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Monday, June 17, 2024

Mirror Mirror is most definitely not Disney’s Snow White

Essential Opera releases Anna Pidgorna's mini-opera based on the Brothers Grimm fairy tale

“It’s based on Snow White but most definitely not the Disney version,” says Halifax soprano Maureen Batt of Anna Pidgorna’s mini-opera Mirror Mirror. 

Instead, the piece gets inspiration from the less sanitized version of the Brothers Grimm fairy tale to explore how women’s relationships are affected by external pressure to be forever young and beautiful.

Just 15-minutes in length, Essential Opera released their version on video this past week featuring Batt with her Essential Opera co-founder, soprano Erin Bardua. It is part of the company’s celebration of its tenth anniversary.

Funded as part of the Canada Council for the Arts digital originals micro innovation grants, Batt says their attraction to the piece came from its ability to tell a complete story in such a short amount of time and in meeting one of their company’s tenets.

“Anything that Essential Opera programs are character-driven and Mirror Mirror is mega character-driven,” continues Batt.

Initially written for a single voice, Mirror Mirror first premiered in 2012 ago by another Halifax soprano, Janice Jackson.

“When Erin and I were thinking of programming it for another show in 2016, we started having this conversation about turning into a duet,” says Batt.

As happens, Batt and Bardua changed directions and cast two other sopranos singing the duet in 2016. It wasn’t until the Canada Council announced its digital grants program in response to COVID that the duo saw an opportunity to produce Mirror Mirror as a film and finally get to sing the duet themselves.

"It would have been very different if we were rehearsing a Mozart scene where you want everything to line-up perfectly, but this is an asynchronous work in itself, so it lends itself very well to a COVID project. It's fabulous." - Maureen Batt. Photo by Tom Belding.
“It would have been very different if we were rehearsing a Mozart scene where you want everything to line-up perfectly, but this is an asynchronous work in itself, so it lends itself very well to a COVID project. It’s fabulous.” – Maureen Batt. Photo by Tom Belding.

“It is a perfect COVID project,” says Batt. “Erin is in New Brunswick, and I’m here in Nova Scotia, and we knew we could practice our parts separately because it was written originally for one voice.”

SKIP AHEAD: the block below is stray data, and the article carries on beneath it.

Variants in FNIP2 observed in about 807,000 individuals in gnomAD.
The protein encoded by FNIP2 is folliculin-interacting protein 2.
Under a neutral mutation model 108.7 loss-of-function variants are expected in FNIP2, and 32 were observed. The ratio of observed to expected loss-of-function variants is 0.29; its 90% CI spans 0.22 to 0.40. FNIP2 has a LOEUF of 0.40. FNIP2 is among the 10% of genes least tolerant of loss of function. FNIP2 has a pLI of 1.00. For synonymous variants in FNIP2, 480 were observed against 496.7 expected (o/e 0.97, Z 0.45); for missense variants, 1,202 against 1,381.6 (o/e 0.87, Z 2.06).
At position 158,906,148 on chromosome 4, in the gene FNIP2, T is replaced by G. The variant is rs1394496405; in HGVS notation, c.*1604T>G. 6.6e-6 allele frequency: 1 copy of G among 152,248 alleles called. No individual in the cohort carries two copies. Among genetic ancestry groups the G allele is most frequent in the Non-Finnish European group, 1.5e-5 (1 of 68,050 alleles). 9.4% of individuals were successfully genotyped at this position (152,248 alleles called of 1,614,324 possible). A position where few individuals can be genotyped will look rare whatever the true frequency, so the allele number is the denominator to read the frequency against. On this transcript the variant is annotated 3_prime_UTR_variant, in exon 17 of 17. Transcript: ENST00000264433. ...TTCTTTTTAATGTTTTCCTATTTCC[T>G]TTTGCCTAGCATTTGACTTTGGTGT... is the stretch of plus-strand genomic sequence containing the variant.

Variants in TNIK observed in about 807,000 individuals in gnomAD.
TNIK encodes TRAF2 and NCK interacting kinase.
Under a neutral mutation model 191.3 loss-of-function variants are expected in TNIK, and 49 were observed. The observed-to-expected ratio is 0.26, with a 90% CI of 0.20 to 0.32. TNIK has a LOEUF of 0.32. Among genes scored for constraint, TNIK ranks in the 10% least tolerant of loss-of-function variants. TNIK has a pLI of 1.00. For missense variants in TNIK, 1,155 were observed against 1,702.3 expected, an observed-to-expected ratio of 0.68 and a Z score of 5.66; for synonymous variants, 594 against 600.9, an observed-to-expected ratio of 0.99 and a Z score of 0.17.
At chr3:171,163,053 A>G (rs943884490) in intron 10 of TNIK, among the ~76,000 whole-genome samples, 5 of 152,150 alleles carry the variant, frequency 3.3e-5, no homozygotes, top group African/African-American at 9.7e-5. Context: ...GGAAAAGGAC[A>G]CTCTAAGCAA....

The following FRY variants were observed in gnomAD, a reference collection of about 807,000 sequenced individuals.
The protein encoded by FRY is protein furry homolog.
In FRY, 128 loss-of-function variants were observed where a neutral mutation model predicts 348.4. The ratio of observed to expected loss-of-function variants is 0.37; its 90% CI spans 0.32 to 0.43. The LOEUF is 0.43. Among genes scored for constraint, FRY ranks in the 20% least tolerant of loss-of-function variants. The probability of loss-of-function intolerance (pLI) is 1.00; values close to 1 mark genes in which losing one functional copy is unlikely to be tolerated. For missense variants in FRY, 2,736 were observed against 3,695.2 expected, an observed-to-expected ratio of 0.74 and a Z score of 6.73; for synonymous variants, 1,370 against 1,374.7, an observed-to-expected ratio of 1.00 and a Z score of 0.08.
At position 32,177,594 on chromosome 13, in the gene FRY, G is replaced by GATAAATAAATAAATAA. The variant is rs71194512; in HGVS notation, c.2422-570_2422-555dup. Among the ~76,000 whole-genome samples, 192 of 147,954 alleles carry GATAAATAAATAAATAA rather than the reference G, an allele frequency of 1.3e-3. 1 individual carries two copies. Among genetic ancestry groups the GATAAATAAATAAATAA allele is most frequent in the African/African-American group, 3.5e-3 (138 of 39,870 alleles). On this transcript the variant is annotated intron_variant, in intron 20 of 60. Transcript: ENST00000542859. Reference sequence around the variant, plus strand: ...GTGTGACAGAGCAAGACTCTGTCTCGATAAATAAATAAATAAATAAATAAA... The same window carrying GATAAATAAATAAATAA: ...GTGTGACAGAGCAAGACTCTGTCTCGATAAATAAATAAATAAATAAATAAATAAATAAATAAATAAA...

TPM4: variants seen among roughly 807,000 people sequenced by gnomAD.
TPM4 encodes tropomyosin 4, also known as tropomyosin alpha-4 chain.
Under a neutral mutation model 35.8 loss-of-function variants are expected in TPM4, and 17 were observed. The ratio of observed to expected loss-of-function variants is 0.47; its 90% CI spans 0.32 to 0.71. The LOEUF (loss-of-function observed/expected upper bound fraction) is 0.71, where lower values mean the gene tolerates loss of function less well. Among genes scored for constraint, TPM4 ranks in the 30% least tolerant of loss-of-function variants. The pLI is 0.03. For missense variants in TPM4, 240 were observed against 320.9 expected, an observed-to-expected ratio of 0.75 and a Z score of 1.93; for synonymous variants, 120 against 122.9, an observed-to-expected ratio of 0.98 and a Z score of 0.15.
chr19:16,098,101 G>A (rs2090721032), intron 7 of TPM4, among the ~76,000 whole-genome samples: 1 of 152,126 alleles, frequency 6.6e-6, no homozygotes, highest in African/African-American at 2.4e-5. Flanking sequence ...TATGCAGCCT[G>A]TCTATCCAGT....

After rehearsing online, the two came together in Amherst to record it with Halifax independent classical recording label Leaf Music.

“We were at least 30 or 40 people feet apart, and Leaf was in the back with their masks on in a different space,” says Batt. “It felt like a very safe process.”

For the film, Batt and Bardua shot their scenes separately with Batt in Nova Scotia and Bardua in New Brunswick.

“Flying by the seat of our pandemic pants,” says Batt with a laugh of their separate film shoots. “We didn’t have the benefit of a huge budget. Erin and I were the film producers and did all of the storyboarding and figured out all of our shots to tell the story we wanted to tell. And then our spouses used our phones to shoot the footage.”

As part of writing Mirror Mirror, composer Anna Pidgorna created a handcrafted illustrated manuscript to accompany her opera. Embellished with threads of woollen hand-dyed yarn, the five panels of the hand-coloured “score” are an adjunct to the score used by Batt and Bardua.

“When Anna created Mirror Mirror, it didn’t surprise me at all that it would lend itself to being an original piece of artwork as she is an artist, performer, composer and singer,” says Batt.

“But we also have a score that has musical notation on it that might be more familiar, but it’s still not your standard classical Western European canon piece of music with a music staff and key signature and time signature.”

As Batt goes onto explain, Pidgorna’s score allows additional freedom for interpretation by the artists.

“We have notations of where the sounds are, bamboo sounds, metallic hums, birds and distorted birds and breaking glass,” says Batt. “There is a ton of freedom to be responsive to what is happening.”

Part of that freedom comes in Essential Opera’s visual interpretation that some may find akin to a music video.

“We haven’t really talked about labels we wouldn’t like,” says Batt of how to describe their filmed version of the opera.

“It’s a short film, a short operatic film, a short opera, or it could be called a music video,” she continues. “Any of those terms could describe it.”

Regardless of the label viewers may want to put on it, Batt says it furthers their company’s mission.

“This is our path forward to be telling these stories by women,” she says. “Mirror Mirror is an incredible work by a female Canadian composer. It is not your old, tried, tested and believed-to-be-true classical canon style of work. It is new, it’s exciting, and it’s character-driven.”

Continuing its celebration of female Canadian composers, Essential Opera is already busy working on its next show, the world premiere of Monica Pearce’s short opera December. Dropping on December 1, 2020, the opera, written for three sopranos and string quartet, is about relationships, travel, and holiday chaos. Subscribe to the Essential Opera YouTube channel to be notified when December launches.

Editor’s Note (30 Oct 2020): This interview was edited to clarify details of the original production of Mirror Mirror in 2016 and details of its upcoming show, December.

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